Williams is happy to be back Longtime coach returns after 5 years

January 24, 1993|By Derek Toney | Derek Toney,Contributing Writer

In 1965, a young graduate from Morgan State named Woody Williams received his first coaching opportunity at Edmondson as the head of the freshman-sophomore football team, which eventually led him to basketball.

Twenty-eight years later, Williams is still coaching. He is at Mervo. The names have changed. So have the rules. But to the veteran, it's still the same.

"When you're around it and see the kids play, that's all I've ever done for my 28 years that I've been teaching in the school system," said Williams, the school's athletic director. "That's what I really enjoy doing. It's a pleasure to be involved with the kids after school and coaching, which is something I enjoy doing."

This season is different for Williams. He has returned to the bench after a five-year absence and is attempting to build the program, which has long existed in the shadow of East Baltimore's big two -- Dunbar and Lake Clifton.

After an 89-88 overtime victory over Patterson on Friday -- a game in which the Mustangs rallied from a six-point deficit in the final 30 seconds of regulation to send the game into overtime -- Mervo is 9-4 and has an outside shot of qualifying for the state playoffs in March.

"We have a good nucleus of kids on the varsity and junior-varsity level to build a foundation on," said Williams. "It's just going to take time."

The losses are still tough to take. After an 87-43 loss to Dunbar at Morgan, Williams stood outside the Mervo locker room, talking of how pleased he was with the team's performance, though outmanned by the Poets, but there was a hint of disappointment in his voice.

From 1971 to 1986, Williams coached Lake Clifton to a record of 278-93, helping to establish it as one of the area's best. He left Lake Clifton to work as an administrative assistant to longtime friend and former Dunbar High basketball coach Bob Wade at the University of Maryland.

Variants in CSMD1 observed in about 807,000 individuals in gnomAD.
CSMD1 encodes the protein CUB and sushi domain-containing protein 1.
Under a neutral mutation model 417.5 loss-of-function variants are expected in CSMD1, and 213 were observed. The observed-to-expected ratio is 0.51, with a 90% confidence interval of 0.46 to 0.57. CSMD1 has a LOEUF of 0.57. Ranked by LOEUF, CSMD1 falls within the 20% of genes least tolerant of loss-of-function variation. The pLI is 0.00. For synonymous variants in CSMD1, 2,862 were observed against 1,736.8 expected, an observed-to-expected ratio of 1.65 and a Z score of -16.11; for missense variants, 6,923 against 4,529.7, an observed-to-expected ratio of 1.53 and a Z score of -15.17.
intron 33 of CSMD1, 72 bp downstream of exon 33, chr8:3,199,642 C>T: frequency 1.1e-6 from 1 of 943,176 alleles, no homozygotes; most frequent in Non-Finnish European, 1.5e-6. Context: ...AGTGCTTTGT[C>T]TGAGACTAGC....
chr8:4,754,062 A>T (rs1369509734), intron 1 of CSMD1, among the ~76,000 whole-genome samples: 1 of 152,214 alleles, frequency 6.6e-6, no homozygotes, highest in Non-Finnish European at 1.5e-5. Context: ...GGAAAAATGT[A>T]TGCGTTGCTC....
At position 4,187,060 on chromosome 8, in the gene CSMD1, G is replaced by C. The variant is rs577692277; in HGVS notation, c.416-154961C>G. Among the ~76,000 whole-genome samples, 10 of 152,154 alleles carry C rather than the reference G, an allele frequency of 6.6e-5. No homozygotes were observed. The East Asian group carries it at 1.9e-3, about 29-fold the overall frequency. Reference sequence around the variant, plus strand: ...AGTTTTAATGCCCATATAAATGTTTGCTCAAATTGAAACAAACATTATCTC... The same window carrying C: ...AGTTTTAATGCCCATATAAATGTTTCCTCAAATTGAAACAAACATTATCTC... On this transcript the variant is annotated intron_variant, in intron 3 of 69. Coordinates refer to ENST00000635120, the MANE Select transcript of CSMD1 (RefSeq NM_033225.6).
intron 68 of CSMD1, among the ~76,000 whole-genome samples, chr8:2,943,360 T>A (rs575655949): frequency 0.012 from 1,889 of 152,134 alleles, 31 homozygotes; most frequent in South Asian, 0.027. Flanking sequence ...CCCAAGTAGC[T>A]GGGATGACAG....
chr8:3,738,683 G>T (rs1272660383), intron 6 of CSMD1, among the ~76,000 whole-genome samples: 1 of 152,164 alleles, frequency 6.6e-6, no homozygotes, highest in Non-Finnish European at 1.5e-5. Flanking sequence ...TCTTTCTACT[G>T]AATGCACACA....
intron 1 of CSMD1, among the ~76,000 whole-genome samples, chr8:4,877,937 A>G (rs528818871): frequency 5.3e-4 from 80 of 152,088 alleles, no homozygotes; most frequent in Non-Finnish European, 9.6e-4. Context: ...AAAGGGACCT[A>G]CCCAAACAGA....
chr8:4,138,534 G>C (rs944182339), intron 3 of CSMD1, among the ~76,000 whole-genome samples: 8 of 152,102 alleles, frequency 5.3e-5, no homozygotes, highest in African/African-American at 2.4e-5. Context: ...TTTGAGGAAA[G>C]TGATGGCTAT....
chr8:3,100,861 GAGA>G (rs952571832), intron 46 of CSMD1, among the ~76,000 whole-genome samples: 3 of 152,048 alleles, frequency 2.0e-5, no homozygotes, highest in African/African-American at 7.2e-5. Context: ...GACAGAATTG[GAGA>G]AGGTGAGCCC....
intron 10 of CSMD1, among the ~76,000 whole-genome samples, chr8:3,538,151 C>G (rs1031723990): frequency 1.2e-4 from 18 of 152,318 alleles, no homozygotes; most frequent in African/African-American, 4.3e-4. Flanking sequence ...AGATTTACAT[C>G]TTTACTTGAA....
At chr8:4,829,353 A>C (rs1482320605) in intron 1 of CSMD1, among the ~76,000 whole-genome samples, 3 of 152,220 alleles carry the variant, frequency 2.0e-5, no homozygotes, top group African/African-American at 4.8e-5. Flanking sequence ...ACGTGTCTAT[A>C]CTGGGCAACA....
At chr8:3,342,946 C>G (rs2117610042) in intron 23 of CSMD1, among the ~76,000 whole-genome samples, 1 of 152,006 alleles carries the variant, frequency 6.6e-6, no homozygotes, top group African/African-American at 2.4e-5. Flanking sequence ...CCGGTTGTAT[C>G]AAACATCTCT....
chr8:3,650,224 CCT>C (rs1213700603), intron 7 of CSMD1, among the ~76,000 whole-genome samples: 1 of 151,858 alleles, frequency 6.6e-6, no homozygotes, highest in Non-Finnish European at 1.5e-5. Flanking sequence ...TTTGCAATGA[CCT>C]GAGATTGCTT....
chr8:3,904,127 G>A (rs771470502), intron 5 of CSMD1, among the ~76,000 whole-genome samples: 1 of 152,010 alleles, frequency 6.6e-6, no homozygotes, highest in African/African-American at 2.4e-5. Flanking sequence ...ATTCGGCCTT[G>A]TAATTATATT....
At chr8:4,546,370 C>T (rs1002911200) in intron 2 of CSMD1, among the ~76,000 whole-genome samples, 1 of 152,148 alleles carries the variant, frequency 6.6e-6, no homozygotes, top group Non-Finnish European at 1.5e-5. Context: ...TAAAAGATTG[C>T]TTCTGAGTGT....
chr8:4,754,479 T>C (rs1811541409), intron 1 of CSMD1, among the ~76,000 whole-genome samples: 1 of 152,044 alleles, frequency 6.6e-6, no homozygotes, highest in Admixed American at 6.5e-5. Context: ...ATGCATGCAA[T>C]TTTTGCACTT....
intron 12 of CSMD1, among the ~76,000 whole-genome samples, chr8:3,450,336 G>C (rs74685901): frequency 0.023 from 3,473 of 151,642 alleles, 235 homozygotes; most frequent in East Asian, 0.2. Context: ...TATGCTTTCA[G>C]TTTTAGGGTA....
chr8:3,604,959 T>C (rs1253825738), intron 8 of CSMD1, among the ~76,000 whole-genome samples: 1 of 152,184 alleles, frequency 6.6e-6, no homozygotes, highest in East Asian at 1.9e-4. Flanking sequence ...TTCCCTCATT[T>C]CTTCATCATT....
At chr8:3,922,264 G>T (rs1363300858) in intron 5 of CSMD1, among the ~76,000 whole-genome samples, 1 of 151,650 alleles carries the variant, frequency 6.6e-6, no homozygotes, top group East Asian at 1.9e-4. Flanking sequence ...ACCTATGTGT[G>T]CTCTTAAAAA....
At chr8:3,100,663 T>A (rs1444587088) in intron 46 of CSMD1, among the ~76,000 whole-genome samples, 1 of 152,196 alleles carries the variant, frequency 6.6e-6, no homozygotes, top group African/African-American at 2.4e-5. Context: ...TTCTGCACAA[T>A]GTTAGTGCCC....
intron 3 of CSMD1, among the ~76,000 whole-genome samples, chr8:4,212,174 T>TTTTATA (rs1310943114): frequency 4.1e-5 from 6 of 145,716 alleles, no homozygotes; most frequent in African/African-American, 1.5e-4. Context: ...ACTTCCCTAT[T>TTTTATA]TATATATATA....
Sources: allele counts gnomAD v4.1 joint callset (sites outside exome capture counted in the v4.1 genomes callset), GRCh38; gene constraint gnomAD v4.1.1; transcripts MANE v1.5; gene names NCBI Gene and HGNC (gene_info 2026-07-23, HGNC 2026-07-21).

In May 1989, Williams resigned along with Wade under the cloud of NCAA sanctions. Williams says he enjoyed the experience at Maryland because of the opportunity to work closely with his best friend since college.

"He's my very best friend, brother and confidant," he said of Wade, who is the director of the Baltimore Bureau of Recreation and Parks. "We weren't at odds when we competed against other, but the most pleasurable part that I got out of it was we were able to work intimately together."

Their relationship took a back seat when they faced each other on the court. The Lake Clifton-Dunbar game wasn't only for the bragging rights on the east side of Baltimore, but in most cases, also the area's No. 1 ranking.

After leaving Maryland, Williams returned to the school system at Fairmont Harford Institute for one year as a teacher, then went to Mervo as athletic director. Even though the duties of an athletic director are time-consuming, not coaching bothered Williams.

He was bothered by memories of his final game as Lake Clifton's coach against St. Maria Goretti of Hagerstown in the Metro Classic at the Baltimore Arena in March 1987. Trailing by as many as 12 points in the second half, the Lakers rallied to take a one-point lead with seconds remaining.

Then Rodney Monroe hit a 60-foot shot to win the game, 73-72, and ruin Lake Clifton's hopes of an undefeated season. Williams hasn't forgotten that shot.

"Every time I see a long shot made in a game on television, it flashes back in my mind," he said.

Williams says he couldn't finish working in the school system without coaching.

Once a coach, always a coach.

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